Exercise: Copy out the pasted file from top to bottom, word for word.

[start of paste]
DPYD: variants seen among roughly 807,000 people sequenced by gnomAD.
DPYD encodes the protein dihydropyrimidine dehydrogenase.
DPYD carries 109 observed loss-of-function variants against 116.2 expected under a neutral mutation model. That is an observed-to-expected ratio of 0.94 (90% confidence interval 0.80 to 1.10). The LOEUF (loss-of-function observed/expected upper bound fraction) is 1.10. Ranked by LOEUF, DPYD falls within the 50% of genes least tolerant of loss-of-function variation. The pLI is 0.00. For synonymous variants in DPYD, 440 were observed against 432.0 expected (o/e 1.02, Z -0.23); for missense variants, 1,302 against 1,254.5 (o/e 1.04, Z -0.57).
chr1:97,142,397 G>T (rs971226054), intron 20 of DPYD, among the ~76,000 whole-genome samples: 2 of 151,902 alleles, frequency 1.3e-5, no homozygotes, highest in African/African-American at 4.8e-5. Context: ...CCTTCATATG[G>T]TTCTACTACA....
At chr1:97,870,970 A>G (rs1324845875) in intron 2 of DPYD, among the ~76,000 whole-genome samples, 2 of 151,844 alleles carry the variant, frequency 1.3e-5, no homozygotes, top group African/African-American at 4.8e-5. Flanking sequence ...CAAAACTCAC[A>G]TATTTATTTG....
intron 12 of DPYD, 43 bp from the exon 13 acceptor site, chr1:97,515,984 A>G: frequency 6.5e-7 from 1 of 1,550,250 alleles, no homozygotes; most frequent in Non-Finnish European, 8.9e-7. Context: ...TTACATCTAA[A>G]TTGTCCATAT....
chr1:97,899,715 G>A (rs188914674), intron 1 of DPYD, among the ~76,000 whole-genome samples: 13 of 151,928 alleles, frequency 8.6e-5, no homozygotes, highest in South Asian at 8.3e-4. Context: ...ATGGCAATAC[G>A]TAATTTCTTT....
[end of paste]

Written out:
DPYD: variants seen among roughly 807,000 people sequenced by gnomAD.
DPYD encodes the protein dihydropyrimidine dehydrogenase.
DPYD carries 109 observed loss-of-function variants against 116.2 expected under a neutral mutation model. That is an observed-to-expected ratio of 0.94 (90% confidence interval 0.80 to 1.10). The LOEUF (loss-of-function observed/expected upper bound fraction) is 1.10. Ranked by LOEUF, DPYD falls within the 50% of genes least tolerant of loss-of-function variation. The pLI is 0.00. For synonymous variants in DPYD, 440 were observed against 432.0 expected (o/e 1.02, Z -0.23); for missense variants, 1,302 against 1,254.5 (o/e 1.04, Z -0.57).
chr1:97,142,397 G>T (rs971226054), intron 20 of DPYD, among the ~76,000 whole-genome samples: 2 of 151,902 alleles, frequency 1.3e-5, no homozygotes, highest in African/African-American at 4.8e-5. Context: ...CCTTCATATG[G>T]TTCTACTACA....
At chr1:97,870,970 A>G (rs1324845875) in intron 2 of DPYD, among the ~76,000 whole-genome samples, 2 of 151,844 alleles carry the variant, frequency 1.3e-5, no homozygotes, top group African/African-American at 4.8e-5. Flanking sequence ...CAAAACTCAC[A>G]TATTTATTTG....
intron 12 of DPYD, 43 bp from the exon 13 acceptor site, chr1:97,515,984 A>G: frequency 6.5e-7 from 1 of 1,550,250 alleles, no homozygotes; most frequent in Non-Finnish European, 8.9e-7. Context: ...TTACATCTAA[A>G]TTGTCCATAT....
chr1:97,899,715 G>A (rs188914674), intron 1 of DPYD, among the ~76,000 whole-genome samples: 13 of 151,928 alleles, frequency 8.6e-5, no homozygotes, highest in South Asian at 8.3e-4. Context: ...ATGGCAATAC[G>A]TAATTTCTTT....